In FrontPage this morning I discuss the two main fronts of the jihad against Israel:
George Wallace famously said long ago that there wasn’t a dime’s worth of difference between the Republican and Democratic parties, and that is even more true of Fatah and Hamas. Now that Hamas and Fatah have signed a reconciliation agreement, the entire State Department strategy for dealing with the Palestinians is in ruins — not that anyone has noticed.
For years, the Bush administration and then the Obama administration have worked from the premise that Fatah and its Palestinian Authority governments were the “moderates” that merited backing against the “extremists” of Hamas. It was a myopic, simplistic and naÃ¯ve analysis from the beginning, and now it has been definitively exposed as such.
In reality, both groups share the same Islamic outlook towards Israel that makes peaceful coexistence with the Jewish State impossible. Both believe that no state ruled by non-Muslims on what they consider Muslim land has any legitimacy; there are no theological differences between them, but only relatively minor differences of strategy and of strictness in their observance of Islamic law that mainly arise from Fatah’s origins in Sixties-era socialism as opposed to Hamas”s birth as an explicitly Islamic movement. Fatah is also more inclined to be patient, while Hamas tends to be significantly less so. Fatah is willing to make deals with the Infidels as stepping stones to greater progress toward the ultimate goal; Hamas tends to see such deals as trimming, and prefers not to compromise even temporarily.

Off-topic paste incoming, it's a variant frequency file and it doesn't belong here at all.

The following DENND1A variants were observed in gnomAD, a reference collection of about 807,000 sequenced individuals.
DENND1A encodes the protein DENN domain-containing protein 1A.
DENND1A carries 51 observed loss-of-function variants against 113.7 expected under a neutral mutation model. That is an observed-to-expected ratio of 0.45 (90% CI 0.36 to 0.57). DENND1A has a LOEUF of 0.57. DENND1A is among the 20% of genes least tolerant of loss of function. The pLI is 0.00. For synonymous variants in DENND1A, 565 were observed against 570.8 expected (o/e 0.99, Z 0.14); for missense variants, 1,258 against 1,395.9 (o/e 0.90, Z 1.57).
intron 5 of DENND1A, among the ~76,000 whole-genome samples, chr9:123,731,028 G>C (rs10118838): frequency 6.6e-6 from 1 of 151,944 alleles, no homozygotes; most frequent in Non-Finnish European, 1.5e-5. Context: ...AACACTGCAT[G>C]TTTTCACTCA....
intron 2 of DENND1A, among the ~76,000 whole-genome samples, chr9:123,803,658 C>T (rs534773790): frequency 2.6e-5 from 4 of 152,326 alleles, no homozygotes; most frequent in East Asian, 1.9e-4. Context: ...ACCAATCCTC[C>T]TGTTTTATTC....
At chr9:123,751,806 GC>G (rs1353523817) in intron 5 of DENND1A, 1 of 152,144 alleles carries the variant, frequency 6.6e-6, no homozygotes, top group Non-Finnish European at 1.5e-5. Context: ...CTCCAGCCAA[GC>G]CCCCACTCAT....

Thus the Hamas Charter, which was promulgated in 1988, quotes Hassan al-Banna, founder of the Muslim Brotherhood, saying that “Israel will exist and will continue to exist until Islam will obliterate it, just as it obliterated others before it.” The PLO”s Palestine National Charter is twenty years older. It doesn’t mention Islam at all, but it nonetheless enunciates the same goal in different language: “The liberation of Palestine, from an Arab viewpoint, is a national (qawmi) duty and it attempts to repel the Zionist and imperialist aggression against the Arab homeland, and aims at the elimination of Zionism in Palestine.” This language was never revised even after the PLO recognized Israel in 1993.
The PLO Charter’s talk of “imperialist aggression” is redolent of the socialist milieu in which the PLO/Fatah was born. Over the years, however, this gave way to a steadily more Islamic perspective. Yasir Arafat began his career railing about imperialism and ended it calling for jihad. This trajectory reflected the resurgence of Islam as a political force; Saddam Hussein and other Arab leaders followed the same course over the same decades. Thus, while Hamas, which is an acronym for the Islamic Resistance Movement, was founded in the 1980s by Muslims who believed that the PLO was giving short shrift to the Islamic aspect of the Arab war against Israel, over the years, the distinctions between the two groups have become increasingly blurred….